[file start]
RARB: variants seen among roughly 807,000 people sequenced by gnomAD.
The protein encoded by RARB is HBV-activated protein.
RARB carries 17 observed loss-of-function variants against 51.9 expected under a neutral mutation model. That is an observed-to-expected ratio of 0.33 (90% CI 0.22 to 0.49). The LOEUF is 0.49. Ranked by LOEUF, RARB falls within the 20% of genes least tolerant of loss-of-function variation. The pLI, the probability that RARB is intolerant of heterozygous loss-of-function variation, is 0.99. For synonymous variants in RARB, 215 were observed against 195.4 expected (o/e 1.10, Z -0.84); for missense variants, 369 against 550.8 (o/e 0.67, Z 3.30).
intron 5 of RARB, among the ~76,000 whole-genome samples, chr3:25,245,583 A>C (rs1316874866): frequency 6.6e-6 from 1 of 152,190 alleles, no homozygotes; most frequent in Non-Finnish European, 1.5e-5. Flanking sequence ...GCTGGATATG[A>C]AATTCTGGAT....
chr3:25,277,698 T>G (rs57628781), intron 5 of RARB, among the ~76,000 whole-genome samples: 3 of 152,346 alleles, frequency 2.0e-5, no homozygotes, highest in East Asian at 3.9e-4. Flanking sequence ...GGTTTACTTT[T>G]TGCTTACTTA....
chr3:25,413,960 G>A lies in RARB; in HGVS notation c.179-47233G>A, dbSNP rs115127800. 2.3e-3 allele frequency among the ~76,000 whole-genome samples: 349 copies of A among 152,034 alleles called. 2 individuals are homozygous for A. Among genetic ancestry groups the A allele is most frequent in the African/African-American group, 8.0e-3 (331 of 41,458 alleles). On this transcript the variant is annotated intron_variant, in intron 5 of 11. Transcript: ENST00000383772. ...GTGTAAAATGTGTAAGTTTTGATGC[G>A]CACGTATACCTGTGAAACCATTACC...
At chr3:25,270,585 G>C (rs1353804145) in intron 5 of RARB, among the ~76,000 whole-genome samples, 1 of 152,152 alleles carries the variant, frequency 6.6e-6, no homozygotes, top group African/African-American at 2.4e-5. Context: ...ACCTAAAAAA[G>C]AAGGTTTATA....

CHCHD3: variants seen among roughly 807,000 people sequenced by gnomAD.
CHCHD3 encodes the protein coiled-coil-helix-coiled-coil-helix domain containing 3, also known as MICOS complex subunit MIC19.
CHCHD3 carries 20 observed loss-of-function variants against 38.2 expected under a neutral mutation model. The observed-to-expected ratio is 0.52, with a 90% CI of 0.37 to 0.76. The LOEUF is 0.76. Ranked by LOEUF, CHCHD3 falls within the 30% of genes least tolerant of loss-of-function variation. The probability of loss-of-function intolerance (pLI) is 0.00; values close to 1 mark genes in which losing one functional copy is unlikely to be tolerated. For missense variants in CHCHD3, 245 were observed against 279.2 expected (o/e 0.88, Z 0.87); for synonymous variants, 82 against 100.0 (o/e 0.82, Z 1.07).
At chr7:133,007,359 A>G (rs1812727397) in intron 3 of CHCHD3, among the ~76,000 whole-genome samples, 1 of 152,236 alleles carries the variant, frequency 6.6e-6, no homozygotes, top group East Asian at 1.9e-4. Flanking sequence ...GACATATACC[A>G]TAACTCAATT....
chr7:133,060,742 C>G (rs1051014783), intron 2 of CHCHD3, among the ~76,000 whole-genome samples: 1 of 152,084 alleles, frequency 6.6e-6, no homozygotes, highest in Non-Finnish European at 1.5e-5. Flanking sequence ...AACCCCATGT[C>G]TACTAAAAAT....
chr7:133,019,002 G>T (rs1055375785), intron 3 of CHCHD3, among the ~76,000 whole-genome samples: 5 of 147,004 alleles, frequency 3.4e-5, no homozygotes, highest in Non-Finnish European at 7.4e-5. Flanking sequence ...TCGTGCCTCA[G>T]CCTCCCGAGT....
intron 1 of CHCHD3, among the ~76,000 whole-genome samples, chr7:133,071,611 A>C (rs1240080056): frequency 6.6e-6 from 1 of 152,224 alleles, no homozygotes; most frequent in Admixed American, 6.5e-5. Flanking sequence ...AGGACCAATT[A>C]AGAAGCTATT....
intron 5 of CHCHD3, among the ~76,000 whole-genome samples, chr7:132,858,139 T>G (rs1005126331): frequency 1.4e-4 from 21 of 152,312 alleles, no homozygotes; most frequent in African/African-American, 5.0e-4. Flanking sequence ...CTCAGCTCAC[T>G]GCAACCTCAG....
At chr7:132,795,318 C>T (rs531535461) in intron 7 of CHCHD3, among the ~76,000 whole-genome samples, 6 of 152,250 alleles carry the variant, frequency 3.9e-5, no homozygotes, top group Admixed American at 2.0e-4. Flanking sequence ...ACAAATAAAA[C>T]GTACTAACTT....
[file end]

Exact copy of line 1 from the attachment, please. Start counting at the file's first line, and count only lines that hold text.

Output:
RARB: variants seen among roughly 807,000 people sequenced by gnomAD.